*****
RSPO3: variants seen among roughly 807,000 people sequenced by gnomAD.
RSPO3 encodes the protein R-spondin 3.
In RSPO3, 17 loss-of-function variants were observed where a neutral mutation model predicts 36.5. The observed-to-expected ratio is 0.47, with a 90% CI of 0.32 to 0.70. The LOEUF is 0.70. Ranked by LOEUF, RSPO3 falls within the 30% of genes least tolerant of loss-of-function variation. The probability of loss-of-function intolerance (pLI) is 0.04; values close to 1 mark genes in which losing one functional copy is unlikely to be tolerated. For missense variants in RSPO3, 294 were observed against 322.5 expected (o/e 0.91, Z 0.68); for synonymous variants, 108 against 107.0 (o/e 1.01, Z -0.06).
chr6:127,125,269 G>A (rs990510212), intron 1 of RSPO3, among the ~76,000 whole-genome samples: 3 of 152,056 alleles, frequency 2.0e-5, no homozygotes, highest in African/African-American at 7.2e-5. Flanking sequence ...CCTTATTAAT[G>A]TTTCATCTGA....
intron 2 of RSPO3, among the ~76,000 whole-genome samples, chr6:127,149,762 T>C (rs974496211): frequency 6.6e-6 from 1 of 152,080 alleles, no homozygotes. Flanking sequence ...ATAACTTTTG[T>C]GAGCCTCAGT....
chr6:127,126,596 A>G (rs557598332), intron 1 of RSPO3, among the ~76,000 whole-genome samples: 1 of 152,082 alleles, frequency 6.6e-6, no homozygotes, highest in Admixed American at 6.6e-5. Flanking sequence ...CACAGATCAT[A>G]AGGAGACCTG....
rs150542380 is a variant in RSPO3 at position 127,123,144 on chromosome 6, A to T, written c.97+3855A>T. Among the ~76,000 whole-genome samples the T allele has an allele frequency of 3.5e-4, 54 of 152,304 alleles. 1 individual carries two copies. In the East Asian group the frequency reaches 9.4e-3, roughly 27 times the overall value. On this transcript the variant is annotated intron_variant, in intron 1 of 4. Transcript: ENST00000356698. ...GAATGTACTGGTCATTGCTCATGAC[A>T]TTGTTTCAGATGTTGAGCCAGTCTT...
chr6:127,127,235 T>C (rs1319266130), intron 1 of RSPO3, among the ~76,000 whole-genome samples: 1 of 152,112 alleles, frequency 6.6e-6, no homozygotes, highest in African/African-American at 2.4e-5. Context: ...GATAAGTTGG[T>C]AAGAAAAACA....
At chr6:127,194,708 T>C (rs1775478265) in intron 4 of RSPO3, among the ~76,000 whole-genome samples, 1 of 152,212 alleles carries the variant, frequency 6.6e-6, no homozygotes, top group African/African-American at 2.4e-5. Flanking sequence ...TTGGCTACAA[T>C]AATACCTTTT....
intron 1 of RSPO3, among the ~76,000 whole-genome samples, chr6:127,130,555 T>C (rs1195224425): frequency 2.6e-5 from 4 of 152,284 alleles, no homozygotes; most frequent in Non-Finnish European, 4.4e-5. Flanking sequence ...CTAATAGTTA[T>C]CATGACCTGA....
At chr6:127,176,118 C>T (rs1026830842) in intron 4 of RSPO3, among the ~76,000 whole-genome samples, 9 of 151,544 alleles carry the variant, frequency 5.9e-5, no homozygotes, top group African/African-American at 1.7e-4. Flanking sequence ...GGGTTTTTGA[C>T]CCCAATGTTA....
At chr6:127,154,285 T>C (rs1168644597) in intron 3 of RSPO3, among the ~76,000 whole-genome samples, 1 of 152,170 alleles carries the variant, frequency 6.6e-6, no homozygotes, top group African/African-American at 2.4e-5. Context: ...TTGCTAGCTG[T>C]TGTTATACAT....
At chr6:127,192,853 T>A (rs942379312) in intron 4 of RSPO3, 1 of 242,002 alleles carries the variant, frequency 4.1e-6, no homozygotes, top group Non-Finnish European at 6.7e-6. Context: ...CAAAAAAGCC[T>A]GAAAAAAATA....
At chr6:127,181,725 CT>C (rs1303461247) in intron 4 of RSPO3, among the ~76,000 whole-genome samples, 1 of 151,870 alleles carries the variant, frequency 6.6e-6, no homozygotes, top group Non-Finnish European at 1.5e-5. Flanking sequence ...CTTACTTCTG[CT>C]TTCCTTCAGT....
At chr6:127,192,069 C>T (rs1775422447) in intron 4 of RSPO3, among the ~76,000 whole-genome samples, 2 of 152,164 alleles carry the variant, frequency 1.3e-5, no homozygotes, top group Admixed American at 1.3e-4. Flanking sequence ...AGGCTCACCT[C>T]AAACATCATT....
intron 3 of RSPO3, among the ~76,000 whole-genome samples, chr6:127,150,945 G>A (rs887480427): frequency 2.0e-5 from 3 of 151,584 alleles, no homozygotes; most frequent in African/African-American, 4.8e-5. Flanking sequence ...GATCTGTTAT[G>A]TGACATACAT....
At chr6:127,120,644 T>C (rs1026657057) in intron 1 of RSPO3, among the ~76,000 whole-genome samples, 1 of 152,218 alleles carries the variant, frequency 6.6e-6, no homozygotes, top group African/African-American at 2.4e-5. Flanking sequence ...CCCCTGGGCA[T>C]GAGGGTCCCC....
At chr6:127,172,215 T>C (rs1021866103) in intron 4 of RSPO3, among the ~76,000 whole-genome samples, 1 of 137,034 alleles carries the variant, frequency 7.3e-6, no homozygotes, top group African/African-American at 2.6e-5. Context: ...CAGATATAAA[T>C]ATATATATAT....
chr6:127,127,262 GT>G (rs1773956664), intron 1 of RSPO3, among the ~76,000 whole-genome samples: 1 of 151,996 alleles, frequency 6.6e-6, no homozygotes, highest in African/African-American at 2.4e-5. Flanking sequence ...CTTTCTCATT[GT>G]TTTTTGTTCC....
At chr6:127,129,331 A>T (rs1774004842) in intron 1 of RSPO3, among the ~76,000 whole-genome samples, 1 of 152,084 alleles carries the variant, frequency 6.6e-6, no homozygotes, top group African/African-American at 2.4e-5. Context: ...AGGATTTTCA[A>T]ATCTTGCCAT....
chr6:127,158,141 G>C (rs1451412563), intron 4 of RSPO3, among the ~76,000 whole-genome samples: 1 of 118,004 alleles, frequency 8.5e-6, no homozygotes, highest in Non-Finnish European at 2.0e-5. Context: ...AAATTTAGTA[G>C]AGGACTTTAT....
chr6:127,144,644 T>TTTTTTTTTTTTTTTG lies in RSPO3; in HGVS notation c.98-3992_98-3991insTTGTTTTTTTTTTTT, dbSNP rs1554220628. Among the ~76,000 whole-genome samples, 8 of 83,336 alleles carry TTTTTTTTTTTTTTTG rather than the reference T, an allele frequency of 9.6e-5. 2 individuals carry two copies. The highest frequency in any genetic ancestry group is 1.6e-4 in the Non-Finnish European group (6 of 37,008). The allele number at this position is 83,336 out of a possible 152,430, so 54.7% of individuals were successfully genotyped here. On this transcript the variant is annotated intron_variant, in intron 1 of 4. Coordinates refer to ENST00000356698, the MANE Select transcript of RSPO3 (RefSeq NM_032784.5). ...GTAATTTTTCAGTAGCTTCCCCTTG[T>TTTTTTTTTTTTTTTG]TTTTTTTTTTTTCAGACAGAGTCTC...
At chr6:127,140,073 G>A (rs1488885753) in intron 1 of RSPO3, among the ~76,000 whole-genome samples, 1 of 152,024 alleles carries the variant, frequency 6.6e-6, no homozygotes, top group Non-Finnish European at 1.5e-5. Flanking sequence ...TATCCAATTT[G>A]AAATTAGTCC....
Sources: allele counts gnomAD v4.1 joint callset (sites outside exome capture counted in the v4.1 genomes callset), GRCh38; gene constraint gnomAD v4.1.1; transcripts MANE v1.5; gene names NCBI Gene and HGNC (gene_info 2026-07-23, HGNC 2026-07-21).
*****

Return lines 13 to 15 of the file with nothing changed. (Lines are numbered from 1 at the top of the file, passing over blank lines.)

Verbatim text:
At chr6:127,192,853 T>A (rs942379312) in intron 4 of RSPO3, 1 of 242,002 alleles carries the variant, frequency 4.1e-6, no homozygotes, top group Non-Finnish European at 6.7e-6. Context: ...CAAAAAAGCC[T>A]GAAAAAAATA....
At chr6:127,181,725 CT>C (rs1303461247) in intron 4 of RSPO3, among the ~76,000 whole-genome samples, 1 of 151,870 alleles carries the variant, frequency 6.6e-6, no homozygotes, top group Non-Finnish European at 1.5e-5. Flanking sequence ...CTTACTTCTG[CT>C]TTCCTTCAGT....
At chr6:127,192,069 C>T (rs1775422447) in intron 4 of RSPO3, among the ~76,000 whole-genome samples, 2 of 152,164 alleles carry the variant, frequency 1.3e-5, no homozygotes, top group Admixed American at 1.3e-4. Flanking sequence ...AGGCTCACCT[C>T]AAACATCATT....